Money’s not the issue, moral is.

What happens if you hit a corporation like Google with a €4.3 billion fine? Nothing. What happens if you criticize them for manipulating and censoring search results and content? Nada. But If you voice concerns regarding their use of personal data and people’s integrity and their aggressive tax avoidance, that should do the trick right? The answer is that nothing will happen and it does not seem to matter if you are user, shareholder, legislator or a politician, they’re just too big, too rich and too powerful for practically anything to even put a dent in the facade. They’ll pay their fines and move on to the next deal.

Therefore it was somewhat comforting with 20.000 employers walking out of Google’s offices around the world last Thursday. Because it means something can shake corporations that size. There is something they’re not able to buy their way out of.

The #GoogleWalkout movement started when Android co-founder Andy Rubin got paid $90 million by Google after it learned of sexual misconduct allegations against him. That was the last straw and employers reacted with their feet (and some handwritten signs) resembling a typical 20th-century labor union strikes. A reassuringly low-tech move by the way.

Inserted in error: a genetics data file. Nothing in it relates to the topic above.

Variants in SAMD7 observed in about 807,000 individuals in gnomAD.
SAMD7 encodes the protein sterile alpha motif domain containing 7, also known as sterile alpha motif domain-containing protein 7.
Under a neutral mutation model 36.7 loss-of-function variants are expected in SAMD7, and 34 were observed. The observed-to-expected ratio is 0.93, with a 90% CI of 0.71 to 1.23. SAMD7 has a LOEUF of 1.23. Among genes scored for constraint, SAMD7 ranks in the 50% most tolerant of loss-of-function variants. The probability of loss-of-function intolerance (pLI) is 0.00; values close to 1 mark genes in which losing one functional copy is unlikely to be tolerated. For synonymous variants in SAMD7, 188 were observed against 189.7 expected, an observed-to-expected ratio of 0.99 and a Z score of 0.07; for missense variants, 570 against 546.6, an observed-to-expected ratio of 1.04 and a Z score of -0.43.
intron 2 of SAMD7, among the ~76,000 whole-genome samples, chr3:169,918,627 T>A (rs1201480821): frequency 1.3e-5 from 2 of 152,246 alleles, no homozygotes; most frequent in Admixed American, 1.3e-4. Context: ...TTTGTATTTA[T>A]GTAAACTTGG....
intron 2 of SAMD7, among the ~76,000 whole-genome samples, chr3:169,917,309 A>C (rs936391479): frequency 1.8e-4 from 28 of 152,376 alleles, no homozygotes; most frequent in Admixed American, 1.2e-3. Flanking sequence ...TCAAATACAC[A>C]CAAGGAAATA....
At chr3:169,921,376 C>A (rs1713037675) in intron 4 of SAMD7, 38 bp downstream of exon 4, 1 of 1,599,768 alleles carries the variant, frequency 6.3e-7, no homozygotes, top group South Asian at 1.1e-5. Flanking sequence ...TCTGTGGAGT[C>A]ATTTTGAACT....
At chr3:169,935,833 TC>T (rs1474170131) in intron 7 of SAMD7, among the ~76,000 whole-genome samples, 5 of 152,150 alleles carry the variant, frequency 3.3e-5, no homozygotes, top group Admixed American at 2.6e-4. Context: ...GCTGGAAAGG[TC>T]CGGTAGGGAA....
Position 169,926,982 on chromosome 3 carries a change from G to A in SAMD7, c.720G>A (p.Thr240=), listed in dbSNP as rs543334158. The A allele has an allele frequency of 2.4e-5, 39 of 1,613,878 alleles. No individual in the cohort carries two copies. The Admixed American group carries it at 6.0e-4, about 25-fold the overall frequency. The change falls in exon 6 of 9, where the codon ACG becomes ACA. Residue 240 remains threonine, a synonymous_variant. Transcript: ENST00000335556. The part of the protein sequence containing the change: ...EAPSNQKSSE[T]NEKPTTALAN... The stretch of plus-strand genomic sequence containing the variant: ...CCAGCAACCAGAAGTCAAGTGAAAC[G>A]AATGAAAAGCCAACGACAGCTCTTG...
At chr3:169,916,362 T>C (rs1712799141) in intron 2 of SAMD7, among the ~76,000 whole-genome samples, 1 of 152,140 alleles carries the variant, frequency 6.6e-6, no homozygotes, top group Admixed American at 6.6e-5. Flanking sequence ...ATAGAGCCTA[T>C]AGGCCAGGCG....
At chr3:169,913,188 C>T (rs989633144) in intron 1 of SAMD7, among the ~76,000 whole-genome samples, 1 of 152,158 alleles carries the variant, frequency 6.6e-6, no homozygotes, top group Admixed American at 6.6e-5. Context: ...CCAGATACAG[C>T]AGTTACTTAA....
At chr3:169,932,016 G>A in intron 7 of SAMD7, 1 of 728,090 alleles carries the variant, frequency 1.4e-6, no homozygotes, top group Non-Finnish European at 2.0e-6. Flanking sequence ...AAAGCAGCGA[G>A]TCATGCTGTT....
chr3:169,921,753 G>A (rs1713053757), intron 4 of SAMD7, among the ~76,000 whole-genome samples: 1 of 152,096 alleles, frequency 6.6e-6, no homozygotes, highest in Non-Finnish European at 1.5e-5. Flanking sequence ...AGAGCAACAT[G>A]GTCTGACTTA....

You know the old saying “politics beats money, but technology beats politics”? Seems like common decency, in effect being civilized beats both money and technology. And that is essentially a good thing – and good news in a society where corporations and organisations have outgrown the legal, political and financial structures we’ve built to manage them with. Corporations can afford anything except not being human.

I’m not condoning mob rule or the glorification of vox populi logic post metoo here. I’m not even particularly interested in Google either. Replace them with any large institution, bank or corporation. The fact that some things still aren’t for sale is a comforting thought.

Everything communicates. Thank God.